Take the 2-minute tour ×
Server Fault is a question and answer site for professional system and network administrators. It's 100% free, no registration required.

At the risk of being assigned to the "bad DBA" club... I did something desperate, and may have to undo it.

Problem: After installing a low cost eSATA board, my SQL Server is intermittently unresponsive (seemingly when there is a lot of IO to the eSATA drive).

Questions:

1) Is there a solution to the intermittent unresponsiveness that allows me to keep the eSATA in place?

2) Whether or not (1==true): What is a decent, low cost way to add 1-3 TB storage to SQL for non-critical SQL DBs?

Detail:

Our SAN is full, and expanding it is costly and will take a month. I have a pressing need to add 1-3 TB for some development DBs (e.g. not mission critical; data loss is OK).

As a bandaid, I threw a $20 eSATA PCI board in the Dell 1950 server, and attached an external 2TB eSATA drive.

This seemed to work fine, but I notice that our production SQL DBs, and even remote desktop, now experience network "pauses" that they never did before (with both SQL client apps and remote desktop throwing "networking problem" errors).

This SQL Server has lots of memory, and runs an instance of SQL 2005 (where all line of business apps reside) and an instance SQL 2008 (for development db's). SQL Server RAM has been appropriately configured, and this setup has run great for years.

The server is:

  • Dell 1950
  • Win2003 x64
  • 14GB RAM
  • PERC controller,
  • 2 mirrored hd's internal
  • Dell SAN over gbit ethernet, dual homed
  • 2 PCIx slots (1 used by NIC for SAN, 1 now in use for eSATA board)

Thank you for suggestions!

share|improve this question
    
If dev performance and reliability isn't critical, can you offload that whole project to another low-cost machine? –  Keith Stokes Dec 25 '12 at 15:54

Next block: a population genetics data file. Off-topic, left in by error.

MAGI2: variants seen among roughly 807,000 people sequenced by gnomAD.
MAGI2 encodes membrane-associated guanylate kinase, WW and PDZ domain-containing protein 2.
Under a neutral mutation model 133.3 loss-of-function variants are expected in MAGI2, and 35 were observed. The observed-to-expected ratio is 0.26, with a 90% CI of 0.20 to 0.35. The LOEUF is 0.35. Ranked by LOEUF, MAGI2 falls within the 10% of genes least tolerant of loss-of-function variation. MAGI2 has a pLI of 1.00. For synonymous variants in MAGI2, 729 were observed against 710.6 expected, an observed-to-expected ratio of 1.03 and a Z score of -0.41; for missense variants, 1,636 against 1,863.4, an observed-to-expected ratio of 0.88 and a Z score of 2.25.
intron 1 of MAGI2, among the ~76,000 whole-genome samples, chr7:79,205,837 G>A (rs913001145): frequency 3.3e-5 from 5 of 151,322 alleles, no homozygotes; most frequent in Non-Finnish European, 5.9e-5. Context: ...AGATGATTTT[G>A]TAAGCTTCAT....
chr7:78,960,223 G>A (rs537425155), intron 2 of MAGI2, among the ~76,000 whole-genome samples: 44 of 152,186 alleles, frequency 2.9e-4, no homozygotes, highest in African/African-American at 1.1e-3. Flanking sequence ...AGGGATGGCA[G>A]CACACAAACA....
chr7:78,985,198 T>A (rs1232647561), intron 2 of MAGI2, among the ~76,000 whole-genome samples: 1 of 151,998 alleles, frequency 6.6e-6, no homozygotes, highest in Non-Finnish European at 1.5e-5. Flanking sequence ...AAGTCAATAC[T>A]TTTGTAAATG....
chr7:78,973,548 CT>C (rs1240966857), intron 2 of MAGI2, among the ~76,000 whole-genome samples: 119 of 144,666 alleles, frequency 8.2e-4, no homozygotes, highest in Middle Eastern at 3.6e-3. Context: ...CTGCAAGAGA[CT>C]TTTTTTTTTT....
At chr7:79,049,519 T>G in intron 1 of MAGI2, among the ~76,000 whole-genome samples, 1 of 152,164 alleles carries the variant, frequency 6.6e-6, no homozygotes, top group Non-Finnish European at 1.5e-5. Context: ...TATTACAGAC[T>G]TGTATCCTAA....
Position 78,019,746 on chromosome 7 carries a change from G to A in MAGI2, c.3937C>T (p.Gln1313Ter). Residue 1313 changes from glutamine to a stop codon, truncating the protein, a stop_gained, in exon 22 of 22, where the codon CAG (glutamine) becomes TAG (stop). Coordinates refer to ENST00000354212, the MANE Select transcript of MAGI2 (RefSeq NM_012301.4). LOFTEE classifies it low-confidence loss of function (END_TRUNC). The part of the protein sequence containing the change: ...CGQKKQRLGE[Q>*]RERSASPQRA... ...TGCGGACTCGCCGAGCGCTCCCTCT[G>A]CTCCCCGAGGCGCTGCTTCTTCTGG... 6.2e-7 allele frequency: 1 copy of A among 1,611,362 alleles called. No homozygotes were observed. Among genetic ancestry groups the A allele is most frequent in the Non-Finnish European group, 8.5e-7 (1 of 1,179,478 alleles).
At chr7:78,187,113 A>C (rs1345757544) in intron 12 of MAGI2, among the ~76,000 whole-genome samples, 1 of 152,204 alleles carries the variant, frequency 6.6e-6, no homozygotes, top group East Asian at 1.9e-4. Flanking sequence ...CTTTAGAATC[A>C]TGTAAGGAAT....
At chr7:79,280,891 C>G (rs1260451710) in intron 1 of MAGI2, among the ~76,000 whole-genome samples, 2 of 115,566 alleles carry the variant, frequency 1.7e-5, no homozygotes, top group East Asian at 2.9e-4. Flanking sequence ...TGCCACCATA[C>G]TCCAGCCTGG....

@KeithStokes Fair call. In fact, I have started to eval putting this on a cloud instance of SQL Server ... but the db is laaarge... I am not sure there is a truly cheap answer... –  samsmith Dec 25 '12 at 16:20
    
How about a desktop machine using the eSATA card and external drive? –  Keith Stokes Dec 27 '12 at 16:19
    
possible duplicate of Can you help me with my capacity planning? –  Magellan Oct 16 '13 at 22:49
add comment

2 Answers 2

Sounds like the two PCIx slots are on the same backplane and that you are maxing out the backplane. If there are other slots in the machine you can try moving the eSATA card to another port that's on another backplane. If not there's probably not much you can do.

share|improve this answer
    
Interesting thought. I have never (ever, in decades of IT) experienced something that is identifiable in this way (esata can saturate? gbit enet can saturate?). I am more of the opinion that the driver for the esata board is the problem. I have disabled the driver, and am working on other solutions. –  samsmith Dec 26 '12 at 0:24
    
I see it all the time on systems that aren't very powerful (built on a budget) but are expected to function like enterprise class machines. Usually it's seen with the HBAs but a couple of eSATA cards on the same buss can do it as well (don't forget that the on board controller counts). If the problem goes away with the driver being disabled that could point to a driver problem. The hardware vendor can help you if that's the case. –  mrdenny Dec 26 '12 at 23:04
    
Fair call. This system is a Dell 1950, so it is powerful enough. Disabling the driver for the esata board solved it, so it appears to be driver-itis. I am working on a different approach. –  samsmith Dec 27 '12 at 3:15
add comment

Why don't you pull the eSATA card and put it in another machine. Then run something like openfiler on it as an iSCSI target. Then on the SQL box mount it via iSCSI ?

share|improve this answer
    
openfiler is a really cool tool, that I had not heard of. Thank you for suggesting it. However, I downvoted this post because suggesting a $1000+ tool when I am trying for a $100 solve indicates being on the wrong "page." –  samsmith Dec 27 '12 at 3:20
    
Well, it won't let me edit the above comment.... Thank you for the openfiler suggestion. I had not heard of it, and may well use it! (The tool is free... the $$ is for support, it appears.) If you edit your answer, the system will let me undo the downvote. –  samsmith Dec 27 '12 at 3:27
    
FreeNAS is another option similar to OpenFiler. –  Keith Stokes Dec 27 '12 at 16:20
add comment

Your Answer

 
discard

By posting your answer, you agree to the privacy policy and terms of service.

Not the answer you're looking for? Browse other questions tagged or ask your own question.